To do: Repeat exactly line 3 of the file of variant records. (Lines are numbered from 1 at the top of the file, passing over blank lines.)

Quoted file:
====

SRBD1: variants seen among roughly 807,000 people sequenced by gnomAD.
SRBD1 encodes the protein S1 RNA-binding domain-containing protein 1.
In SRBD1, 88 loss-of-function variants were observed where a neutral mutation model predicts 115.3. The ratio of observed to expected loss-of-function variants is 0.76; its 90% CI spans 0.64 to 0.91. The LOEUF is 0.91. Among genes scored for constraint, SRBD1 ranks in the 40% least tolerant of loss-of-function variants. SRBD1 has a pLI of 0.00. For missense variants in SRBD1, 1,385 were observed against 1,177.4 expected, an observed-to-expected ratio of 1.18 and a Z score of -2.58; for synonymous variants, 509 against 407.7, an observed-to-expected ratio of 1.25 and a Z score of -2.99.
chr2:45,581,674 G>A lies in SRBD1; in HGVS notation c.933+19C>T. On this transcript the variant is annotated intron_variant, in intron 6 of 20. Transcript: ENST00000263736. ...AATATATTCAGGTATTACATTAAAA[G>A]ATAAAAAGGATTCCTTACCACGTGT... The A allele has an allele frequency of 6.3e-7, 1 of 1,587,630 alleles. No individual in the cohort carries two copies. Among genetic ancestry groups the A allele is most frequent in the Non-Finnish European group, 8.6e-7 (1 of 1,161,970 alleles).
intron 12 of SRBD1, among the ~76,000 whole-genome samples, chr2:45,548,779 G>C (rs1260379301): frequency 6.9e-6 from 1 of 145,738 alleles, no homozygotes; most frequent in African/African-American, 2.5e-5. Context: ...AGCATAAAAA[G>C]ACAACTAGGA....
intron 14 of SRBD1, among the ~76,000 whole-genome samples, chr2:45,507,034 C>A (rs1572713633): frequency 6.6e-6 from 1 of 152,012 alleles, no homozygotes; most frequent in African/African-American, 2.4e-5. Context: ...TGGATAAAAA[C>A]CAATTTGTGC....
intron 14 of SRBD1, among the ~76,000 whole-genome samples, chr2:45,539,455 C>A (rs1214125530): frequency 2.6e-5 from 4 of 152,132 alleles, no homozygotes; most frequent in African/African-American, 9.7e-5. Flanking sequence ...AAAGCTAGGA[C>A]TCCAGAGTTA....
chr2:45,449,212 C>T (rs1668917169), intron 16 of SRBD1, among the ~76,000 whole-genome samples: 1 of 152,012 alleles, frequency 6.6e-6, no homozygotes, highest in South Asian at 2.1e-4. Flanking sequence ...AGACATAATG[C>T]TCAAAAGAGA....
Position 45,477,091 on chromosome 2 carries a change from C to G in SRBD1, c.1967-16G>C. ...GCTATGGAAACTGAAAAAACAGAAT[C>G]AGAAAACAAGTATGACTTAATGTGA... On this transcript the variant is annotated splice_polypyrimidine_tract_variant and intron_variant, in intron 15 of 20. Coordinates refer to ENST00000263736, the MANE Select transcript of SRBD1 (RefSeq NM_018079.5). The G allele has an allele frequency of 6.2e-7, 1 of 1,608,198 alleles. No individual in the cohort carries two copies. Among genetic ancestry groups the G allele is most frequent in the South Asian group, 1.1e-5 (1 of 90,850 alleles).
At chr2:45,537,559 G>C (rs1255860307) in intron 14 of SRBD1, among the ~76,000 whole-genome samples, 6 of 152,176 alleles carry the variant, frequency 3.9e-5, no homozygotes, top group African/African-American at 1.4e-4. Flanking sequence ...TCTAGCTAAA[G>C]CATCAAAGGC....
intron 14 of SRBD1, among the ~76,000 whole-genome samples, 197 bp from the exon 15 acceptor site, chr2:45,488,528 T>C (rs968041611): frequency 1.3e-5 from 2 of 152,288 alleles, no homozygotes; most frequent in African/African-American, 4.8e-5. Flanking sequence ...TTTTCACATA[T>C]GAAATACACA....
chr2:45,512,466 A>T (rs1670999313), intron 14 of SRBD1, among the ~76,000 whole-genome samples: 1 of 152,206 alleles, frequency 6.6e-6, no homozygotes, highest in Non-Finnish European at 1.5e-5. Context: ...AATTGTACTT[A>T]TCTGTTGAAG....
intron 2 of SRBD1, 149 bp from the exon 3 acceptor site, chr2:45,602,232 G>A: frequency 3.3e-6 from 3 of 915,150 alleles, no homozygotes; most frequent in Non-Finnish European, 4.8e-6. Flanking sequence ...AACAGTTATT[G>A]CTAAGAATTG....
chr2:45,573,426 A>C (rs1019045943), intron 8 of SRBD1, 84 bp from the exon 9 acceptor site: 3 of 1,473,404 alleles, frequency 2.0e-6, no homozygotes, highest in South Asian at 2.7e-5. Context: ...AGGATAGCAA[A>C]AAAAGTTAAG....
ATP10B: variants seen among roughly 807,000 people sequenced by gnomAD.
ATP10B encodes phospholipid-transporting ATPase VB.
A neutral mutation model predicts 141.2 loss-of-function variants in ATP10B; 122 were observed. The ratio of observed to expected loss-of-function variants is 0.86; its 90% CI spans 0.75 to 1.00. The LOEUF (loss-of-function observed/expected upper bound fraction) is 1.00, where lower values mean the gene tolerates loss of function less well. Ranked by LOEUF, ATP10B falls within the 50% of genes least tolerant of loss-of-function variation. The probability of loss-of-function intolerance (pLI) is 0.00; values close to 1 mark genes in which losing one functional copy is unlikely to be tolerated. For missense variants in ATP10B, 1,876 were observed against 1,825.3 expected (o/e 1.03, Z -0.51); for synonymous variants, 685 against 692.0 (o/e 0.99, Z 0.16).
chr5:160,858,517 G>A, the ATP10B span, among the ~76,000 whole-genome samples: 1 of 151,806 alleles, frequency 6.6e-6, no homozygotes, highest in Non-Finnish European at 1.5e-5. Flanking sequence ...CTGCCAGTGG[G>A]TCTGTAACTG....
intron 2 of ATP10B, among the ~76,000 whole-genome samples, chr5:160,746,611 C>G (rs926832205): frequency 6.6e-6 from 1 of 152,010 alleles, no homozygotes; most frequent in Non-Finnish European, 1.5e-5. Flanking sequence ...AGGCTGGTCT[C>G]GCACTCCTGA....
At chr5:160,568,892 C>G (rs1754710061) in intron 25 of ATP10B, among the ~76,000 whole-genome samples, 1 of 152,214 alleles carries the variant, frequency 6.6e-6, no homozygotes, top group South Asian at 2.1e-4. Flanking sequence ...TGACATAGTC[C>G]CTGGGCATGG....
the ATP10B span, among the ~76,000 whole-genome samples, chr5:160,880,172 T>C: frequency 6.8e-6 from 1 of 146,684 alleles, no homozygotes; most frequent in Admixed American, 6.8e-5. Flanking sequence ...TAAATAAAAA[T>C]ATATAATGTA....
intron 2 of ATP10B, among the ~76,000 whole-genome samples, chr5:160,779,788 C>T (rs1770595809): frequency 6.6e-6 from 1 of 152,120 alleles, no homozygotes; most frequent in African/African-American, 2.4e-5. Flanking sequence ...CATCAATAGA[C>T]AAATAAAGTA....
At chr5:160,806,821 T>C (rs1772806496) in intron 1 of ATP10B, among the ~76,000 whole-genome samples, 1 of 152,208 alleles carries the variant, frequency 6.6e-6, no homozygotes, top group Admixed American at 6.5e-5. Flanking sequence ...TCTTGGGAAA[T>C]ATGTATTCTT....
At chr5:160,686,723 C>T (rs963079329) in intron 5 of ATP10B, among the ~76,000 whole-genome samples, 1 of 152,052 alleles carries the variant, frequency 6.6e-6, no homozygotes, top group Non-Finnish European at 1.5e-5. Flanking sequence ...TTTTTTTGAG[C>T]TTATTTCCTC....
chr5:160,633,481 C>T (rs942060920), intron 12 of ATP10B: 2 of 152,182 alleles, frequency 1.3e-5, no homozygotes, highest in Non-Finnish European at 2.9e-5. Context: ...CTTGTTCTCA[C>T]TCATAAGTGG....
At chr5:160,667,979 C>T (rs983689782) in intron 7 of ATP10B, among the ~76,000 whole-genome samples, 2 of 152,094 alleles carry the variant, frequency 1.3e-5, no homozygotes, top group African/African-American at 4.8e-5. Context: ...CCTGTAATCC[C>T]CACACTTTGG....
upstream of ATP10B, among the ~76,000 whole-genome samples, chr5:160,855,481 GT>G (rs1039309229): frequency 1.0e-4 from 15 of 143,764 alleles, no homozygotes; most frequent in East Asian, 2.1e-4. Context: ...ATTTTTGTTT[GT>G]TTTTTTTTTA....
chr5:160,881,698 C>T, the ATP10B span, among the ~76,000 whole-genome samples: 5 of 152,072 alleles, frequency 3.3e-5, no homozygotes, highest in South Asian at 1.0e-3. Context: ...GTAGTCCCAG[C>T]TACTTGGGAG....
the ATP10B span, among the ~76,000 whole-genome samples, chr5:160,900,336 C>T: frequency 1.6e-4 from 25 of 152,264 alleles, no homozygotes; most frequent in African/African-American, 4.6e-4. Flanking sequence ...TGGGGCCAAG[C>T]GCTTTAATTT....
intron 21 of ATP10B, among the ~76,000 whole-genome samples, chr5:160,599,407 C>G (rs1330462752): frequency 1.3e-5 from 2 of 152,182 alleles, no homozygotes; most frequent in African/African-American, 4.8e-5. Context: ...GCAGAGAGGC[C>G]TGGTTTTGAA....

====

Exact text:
In SRBD1, 88 loss-of-function variants were observed where a neutral mutation model predicts 115.3. The ratio of observed to expected loss-of-function variants is 0.76; its 90% CI spans 0.64 to 0.91. The LOEUF is 0.91. Among genes scored for constraint, SRBD1 ranks in the 40% least tolerant of loss-of-function variants. SRBD1 has a pLI of 0.00. For missense variants in SRBD1, 1,385 were observed against 1,177.4 expected, an observed-to-expected ratio of 1.18 and a Z score of -2.58; for synonymous variants, 509 against 407.7, an observed-to-expected ratio of 1.25 and a Z score of -2.99.